A Next-Generation Firewall’s Definition
To improve enterprise network security, a next-generation firewall (ngfw) combines traditional firewall technology with other network device filtering functions such as inline application control, an integrated intrusion prevention system (IPS), threat prevention capabilities, and antivirus protection.
Gartner characterized the ngfw as a “deep-packet inspection firewall that goes beyond port/protocol inspection and blocking to incorporate application-layer inspection, intrusion prevention, and bringing intelligence from beyond the firewall” a decade ago.
Traditional firewall vs. next-generation firewall
Traditional firewalls solely employ Layers 3 and 4 of the OSI model to regulate network traffic between hosts and end systems. They utilize stateful inspection to allow or refuse traffic depending on port and protocol.
These stateful firewalls were readily overcome day in and day out as sophisticated threats such as ransomware began to appear. Unsurprisingly, a more advanced, intelligent security system was in high demand.
Enter the next-generation firewall (NGFW), hailed as the next step in network security. A basic firewall with more granular features for identity, user, location, and application controls.
Features of NGFW
Today, next-generation firewalls are still in use, and they provide a number of advantages over their predecessors in terms of on-premises network and application security.
- Application control: NGFWs keep track of which apps (and users) are causing traffic to flow via the network. This means they can naturally monitor network traffic to find application traffic, regardless of port or protocol.
- IPS: An intrusion prevention system (IPS) continuously monitors a network, looking for hazardous events and taking action to prevent them. The IPS can notify an administrator, discard packets, restrict traffic, or completely disconnect the connection.
- To comprehend the threats that are targeting or have already targeted an organization, threat intelligence is data acquired by various nodes within a network or IT ecosystem. This is a critical cybersecurity tool.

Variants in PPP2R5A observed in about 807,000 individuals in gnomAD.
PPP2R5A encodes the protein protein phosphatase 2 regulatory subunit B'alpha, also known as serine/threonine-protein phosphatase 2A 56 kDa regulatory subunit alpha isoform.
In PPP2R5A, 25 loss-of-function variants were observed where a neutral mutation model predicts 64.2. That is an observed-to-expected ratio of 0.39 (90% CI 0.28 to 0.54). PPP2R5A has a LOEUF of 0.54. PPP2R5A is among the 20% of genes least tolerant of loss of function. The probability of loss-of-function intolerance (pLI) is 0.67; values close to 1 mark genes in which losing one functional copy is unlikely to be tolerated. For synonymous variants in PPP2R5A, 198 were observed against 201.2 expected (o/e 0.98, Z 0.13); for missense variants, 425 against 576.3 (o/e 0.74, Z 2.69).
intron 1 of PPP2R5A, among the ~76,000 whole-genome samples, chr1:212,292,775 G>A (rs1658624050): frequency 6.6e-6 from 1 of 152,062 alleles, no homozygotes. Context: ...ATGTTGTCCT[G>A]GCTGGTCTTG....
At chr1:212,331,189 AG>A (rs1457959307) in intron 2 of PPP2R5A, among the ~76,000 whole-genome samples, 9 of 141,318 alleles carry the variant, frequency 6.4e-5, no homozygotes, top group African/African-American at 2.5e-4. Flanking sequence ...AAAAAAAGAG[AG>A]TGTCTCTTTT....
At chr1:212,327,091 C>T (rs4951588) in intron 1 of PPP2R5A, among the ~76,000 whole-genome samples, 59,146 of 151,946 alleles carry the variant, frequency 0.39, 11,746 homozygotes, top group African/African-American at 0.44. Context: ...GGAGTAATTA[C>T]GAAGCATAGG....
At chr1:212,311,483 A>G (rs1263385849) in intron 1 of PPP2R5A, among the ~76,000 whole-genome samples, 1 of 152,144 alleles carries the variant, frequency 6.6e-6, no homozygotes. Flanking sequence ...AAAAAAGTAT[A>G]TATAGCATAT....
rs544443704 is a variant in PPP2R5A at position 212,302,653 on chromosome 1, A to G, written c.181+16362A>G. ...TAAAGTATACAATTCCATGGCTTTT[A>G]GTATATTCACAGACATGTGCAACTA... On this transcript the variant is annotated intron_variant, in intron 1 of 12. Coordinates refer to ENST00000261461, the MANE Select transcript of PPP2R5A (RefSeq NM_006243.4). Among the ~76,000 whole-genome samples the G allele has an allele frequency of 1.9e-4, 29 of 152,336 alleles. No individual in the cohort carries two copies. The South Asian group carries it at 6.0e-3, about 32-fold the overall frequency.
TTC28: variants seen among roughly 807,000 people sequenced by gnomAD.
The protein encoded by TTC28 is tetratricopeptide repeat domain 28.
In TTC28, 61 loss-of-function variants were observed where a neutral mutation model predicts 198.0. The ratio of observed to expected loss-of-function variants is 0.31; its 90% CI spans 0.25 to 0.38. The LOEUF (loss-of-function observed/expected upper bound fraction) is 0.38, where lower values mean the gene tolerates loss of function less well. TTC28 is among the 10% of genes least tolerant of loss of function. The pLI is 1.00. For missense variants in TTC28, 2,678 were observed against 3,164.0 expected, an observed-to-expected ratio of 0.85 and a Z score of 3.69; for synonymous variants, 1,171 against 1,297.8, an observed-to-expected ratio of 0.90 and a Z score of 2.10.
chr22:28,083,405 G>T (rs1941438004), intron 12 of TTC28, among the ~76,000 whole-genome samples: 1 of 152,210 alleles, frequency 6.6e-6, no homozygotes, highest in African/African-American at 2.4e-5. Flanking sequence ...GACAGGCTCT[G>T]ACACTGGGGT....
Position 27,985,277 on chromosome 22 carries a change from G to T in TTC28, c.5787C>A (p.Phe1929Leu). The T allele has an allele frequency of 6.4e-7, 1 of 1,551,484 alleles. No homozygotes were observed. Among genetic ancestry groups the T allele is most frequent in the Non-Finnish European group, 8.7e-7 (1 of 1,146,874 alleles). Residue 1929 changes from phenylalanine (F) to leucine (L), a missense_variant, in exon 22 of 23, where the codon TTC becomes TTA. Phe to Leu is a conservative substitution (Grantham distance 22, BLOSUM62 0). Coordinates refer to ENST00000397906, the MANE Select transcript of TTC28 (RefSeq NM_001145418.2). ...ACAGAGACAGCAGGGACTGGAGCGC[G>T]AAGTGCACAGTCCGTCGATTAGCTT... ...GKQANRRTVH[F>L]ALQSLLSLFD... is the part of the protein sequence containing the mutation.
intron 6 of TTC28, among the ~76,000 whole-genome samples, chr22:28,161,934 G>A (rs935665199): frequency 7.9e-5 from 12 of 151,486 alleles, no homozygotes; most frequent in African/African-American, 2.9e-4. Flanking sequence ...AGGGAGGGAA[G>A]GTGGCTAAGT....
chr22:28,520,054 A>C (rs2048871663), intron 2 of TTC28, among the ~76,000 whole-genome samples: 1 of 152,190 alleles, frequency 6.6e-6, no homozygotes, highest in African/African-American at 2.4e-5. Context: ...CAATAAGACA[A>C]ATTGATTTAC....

- Antivirus software, as the name implies, detects viruses, responds to them, and refreshes detection capabilities in order to keep up with the ever-changing threat landscape.
What is the role of an NGFW?
When it comes to safeguarding business networks, NGFWs go above and beyond what standard firewalls can do.
They delve deeper into network traffic to figure out where it originates. As a consequence, they may amass a larger body of information about malicious traffic and its associated risks, which are continually attempting to breach the network perimeter, get access to business data, and damage an organization’s image.
NGFWs can function all the way up to Layer 7the application layer where a typical firewall can only work at Layers 3 and 4. This implies that app-level attacks, which are among the most serious and pervasive, are thwarted before they breach, saving time and money in the process of cleanup.
What is the purpose of an NGFW?
Traditional firewalls aren’t up to the challenge in today’s cyberthreat world, which need more robust threat defense.
NGFWs can stop malware and are better suited to fight advanced persistent threats (APTs) like Cozy Bear, which is blamed for the 2020 SUNBURST supply chain assault, and Deep Panda, which is known for exploiting the Log4Shell vulnerability.
NGFWs have also provided enterprises the potential to not only simplify security operations but also take the first step toward a fully realized security operations center, thanks to integrated threat intelligence and networking and security automation possibilities (SOC).